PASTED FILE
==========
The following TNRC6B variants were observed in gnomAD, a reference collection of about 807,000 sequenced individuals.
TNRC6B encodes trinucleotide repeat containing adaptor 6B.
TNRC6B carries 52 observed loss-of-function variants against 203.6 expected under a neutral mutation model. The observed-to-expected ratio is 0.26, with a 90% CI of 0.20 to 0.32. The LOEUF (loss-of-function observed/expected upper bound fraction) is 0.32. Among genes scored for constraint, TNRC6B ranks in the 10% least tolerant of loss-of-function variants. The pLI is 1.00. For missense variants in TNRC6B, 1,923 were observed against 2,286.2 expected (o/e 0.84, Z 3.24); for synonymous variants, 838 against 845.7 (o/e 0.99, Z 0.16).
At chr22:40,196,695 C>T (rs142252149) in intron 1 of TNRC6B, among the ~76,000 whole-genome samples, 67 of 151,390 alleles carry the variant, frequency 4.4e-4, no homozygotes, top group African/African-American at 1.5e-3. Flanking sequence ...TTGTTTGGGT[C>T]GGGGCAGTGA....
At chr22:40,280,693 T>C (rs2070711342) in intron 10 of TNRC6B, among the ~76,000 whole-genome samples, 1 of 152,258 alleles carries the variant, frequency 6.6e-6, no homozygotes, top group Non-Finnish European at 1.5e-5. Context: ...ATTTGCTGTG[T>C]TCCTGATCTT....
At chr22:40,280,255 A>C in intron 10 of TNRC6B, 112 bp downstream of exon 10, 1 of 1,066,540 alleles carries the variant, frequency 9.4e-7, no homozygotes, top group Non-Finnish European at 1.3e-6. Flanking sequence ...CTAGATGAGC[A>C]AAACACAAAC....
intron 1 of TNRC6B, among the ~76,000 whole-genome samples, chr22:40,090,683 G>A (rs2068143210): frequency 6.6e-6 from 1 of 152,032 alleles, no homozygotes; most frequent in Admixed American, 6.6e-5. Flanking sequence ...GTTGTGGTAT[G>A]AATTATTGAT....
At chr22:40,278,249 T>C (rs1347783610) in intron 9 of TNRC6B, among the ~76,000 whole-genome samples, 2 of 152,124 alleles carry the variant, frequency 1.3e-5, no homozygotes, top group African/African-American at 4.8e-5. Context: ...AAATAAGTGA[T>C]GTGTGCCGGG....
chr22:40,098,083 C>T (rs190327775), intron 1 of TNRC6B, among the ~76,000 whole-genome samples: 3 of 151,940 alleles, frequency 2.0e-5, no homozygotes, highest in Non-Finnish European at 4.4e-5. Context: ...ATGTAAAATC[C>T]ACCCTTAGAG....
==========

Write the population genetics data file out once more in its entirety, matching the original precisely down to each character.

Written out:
The following TNRC6B variants were observed in gnomAD, a reference collection of about 807,000 sequenced individuals.
TNRC6B encodes trinucleotide repeat containing adaptor 6B.
TNRC6B carries 52 observed loss-of-function variants against 203.6 expected under a neutral mutation model. The observed-to-expected ratio is 0.26, with a 90% CI of 0.20 to 0.32. The LOEUF (loss-of-function observed/expected upper bound fraction) is 0.32. Among genes scored for constraint, TNRC6B ranks in the 10% least tolerant of loss-of-function variants. The pLI is 1.00. For missense variants in TNRC6B, 1,923 were observed against 2,286.2 expected (o/e 0.84, Z 3.24); for synonymous variants, 838 against 845.7 (o/e 0.99, Z 0.16).
At chr22:40,196,695 C>T (rs142252149) in intron 1 of TNRC6B, among the ~76,000 whole-genome samples, 67 of 151,390 alleles carry the variant, frequency 4.4e-4, no homozygotes, top group African/African-American at 1.5e-3. Flanking sequence ...TTGTTTGGGT[C>T]GGGGCAGTGA....
At chr22:40,280,693 T>C (rs2070711342) in intron 10 of TNRC6B, among the ~76,000 whole-genome samples, 1 of 152,258 alleles carries the variant, frequency 6.6e-6, no homozygotes, top group Non-Finnish European at 1.5e-5. Context: ...ATTTGCTGTG[T>C]TCCTGATCTT....
At chr22:40,280,255 A>C in intron 10 of TNRC6B, 112 bp downstream of exon 10, 1 of 1,066,540 alleles carries the variant, frequency 9.4e-7, no homozygotes, top group Non-Finnish European at 1.3e-6. Flanking sequence ...CTAGATGAGC[A>C]AAACACAAAC....
intron 1 of TNRC6B, among the ~76,000 whole-genome samples, chr22:40,090,683 G>A (rs2068143210): frequency 6.6e-6 from 1 of 152,032 alleles, no homozygotes; most frequent in Admixed American, 6.6e-5. Flanking sequence ...GTTGTGGTAT[G>A]AATTATTGAT....
At chr22:40,278,249 T>C (rs1347783610) in intron 9 of TNRC6B, among the ~76,000 whole-genome samples, 2 of 152,124 alleles carry the variant, frequency 1.3e-5, no homozygotes, top group African/African-American at 4.8e-5. Context: ...AAATAAGTGA[T>C]GTGTGCCGGG....
chr22:40,098,083 C>T (rs190327775), intron 1 of TNRC6B, among the ~76,000 whole-genome samples: 3 of 151,940 alleles, frequency 2.0e-5, no homozygotes, highest in Non-Finnish European at 4.4e-5. Context: ...ATGTAAAATC[C>T]ACCCTTAGAG....